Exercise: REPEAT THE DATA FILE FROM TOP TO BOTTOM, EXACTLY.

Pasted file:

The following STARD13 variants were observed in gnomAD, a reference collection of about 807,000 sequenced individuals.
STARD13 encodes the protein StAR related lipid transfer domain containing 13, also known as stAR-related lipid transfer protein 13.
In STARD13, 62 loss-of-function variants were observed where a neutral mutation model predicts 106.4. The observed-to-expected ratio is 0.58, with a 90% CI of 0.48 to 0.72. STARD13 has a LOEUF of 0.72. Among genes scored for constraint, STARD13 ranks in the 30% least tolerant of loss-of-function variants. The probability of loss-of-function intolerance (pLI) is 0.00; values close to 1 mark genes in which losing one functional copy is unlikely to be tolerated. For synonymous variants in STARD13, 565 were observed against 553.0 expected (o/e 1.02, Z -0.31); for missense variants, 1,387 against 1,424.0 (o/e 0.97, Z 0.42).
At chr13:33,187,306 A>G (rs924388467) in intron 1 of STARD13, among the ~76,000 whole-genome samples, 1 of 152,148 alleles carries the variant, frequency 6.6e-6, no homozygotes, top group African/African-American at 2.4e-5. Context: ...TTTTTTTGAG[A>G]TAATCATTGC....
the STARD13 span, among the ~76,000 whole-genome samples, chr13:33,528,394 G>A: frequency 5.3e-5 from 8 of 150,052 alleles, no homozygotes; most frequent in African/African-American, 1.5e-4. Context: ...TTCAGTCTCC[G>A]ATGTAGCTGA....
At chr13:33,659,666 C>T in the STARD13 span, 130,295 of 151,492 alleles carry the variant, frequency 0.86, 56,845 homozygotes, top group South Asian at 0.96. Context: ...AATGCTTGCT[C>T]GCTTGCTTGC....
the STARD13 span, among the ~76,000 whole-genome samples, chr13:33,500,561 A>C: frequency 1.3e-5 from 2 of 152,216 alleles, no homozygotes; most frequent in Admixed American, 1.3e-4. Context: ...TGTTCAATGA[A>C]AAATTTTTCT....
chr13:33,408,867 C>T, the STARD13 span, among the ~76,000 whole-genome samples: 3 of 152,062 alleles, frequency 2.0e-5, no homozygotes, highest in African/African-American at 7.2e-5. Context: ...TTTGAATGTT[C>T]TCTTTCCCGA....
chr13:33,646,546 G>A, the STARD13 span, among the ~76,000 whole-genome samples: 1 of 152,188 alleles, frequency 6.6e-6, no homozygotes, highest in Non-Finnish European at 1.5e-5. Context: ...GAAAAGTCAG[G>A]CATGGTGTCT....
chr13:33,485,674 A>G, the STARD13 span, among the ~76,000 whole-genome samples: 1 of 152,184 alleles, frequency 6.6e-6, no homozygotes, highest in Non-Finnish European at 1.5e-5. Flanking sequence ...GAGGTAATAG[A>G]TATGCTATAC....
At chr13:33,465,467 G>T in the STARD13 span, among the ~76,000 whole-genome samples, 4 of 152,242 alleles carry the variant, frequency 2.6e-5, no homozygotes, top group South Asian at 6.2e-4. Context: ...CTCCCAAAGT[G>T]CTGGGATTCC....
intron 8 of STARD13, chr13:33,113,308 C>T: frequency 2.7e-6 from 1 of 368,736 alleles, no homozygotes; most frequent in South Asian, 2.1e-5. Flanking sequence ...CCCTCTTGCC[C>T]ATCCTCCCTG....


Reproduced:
The following STARD13 variants were observed in gnomAD, a reference collection of about 807,000 sequenced individuals.
STARD13 encodes the protein StAR related lipid transfer domain containing 13, also known as stAR-related lipid transfer protein 13.
In STARD13, 62 loss-of-function variants were observed where a neutral mutation model predicts 106.4. The observed-to-expected ratio is 0.58, with a 90% CI of 0.48 to 0.72. STARD13 has a LOEUF of 0.72. Among genes scored for constraint, STARD13 ranks in the 30% least tolerant of loss-of-function variants. The probability of loss-of-function intolerance (pLI) is 0.00; values close to 1 mark genes in which losing one functional copy is unlikely to be tolerated. For synonymous variants in STARD13, 565 were observed against 553.0 expected (o/e 1.02, Z -0.31); for missense variants, 1,387 against 1,424.0 (o/e 0.97, Z 0.42).
At chr13:33,187,306 A>G (rs924388467) in intron 1 of STARD13, among the ~76,000 whole-genome samples, 1 of 152,148 alleles carries the variant, frequency 6.6e-6, no homozygotes, top group African/African-American at 2.4e-5. Context: ...TTTTTTTGAG[A>G]TAATCATTGC....
the STARD13 span, among the ~76,000 whole-genome samples, chr13:33,528,394 G>A: frequency 5.3e-5 from 8 of 150,052 alleles, no homozygotes; most frequent in African/African-American, 1.5e-4. Context: ...TTCAGTCTCC[G>A]ATGTAGCTGA....
At chr13:33,659,666 C>T in the STARD13 span, 130,295 of 151,492 alleles carry the variant, frequency 0.86, 56,845 homozygotes, top group South Asian at 0.96. Context: ...AATGCTTGCT[C>T]GCTTGCTTGC....
the STARD13 span, among the ~76,000 whole-genome samples, chr13:33,500,561 A>C: frequency 1.3e-5 from 2 of 152,216 alleles, no homozygotes; most frequent in Admixed American, 1.3e-4. Context: ...TGTTCAATGA[A>C]AAATTTTTCT....
chr13:33,408,867 C>T, the STARD13 span, among the ~76,000 whole-genome samples: 3 of 152,062 alleles, frequency 2.0e-5, no homozygotes, highest in African/African-American at 7.2e-5. Context: ...TTTGAATGTT[C>T]TCTTTCCCGA....
chr13:33,646,546 G>A, the STARD13 span, among the ~76,000 whole-genome samples: 1 of 152,188 alleles, frequency 6.6e-6, no homozygotes, highest in Non-Finnish European at 1.5e-5. Context: ...GAAAAGTCAG[G>A]CATGGTGTCT....
chr13:33,485,674 A>G, the STARD13 span, among the ~76,000 whole-genome samples: 1 of 152,184 alleles, frequency 6.6e-6, no homozygotes, highest in Non-Finnish European at 1.5e-5. Flanking sequence ...GAGGTAATAG[A>G]TATGCTATAC....
At chr13:33,465,467 G>T in the STARD13 span, among the ~76,000 whole-genome samples, 4 of 152,242 alleles carry the variant, frequency 2.6e-5, no homozygotes, top group South Asian at 6.2e-4. Context: ...CTCCCAAAGT[G>T]CTGGGATTCC....
intron 8 of STARD13, chr13:33,113,308 C>T: frequency 2.7e-6 from 1 of 368,736 alleles, no homozygotes; most frequent in South Asian, 2.1e-5. Flanking sequence ...CCCTCTTGCC[C>T]ATCCTCCCTG....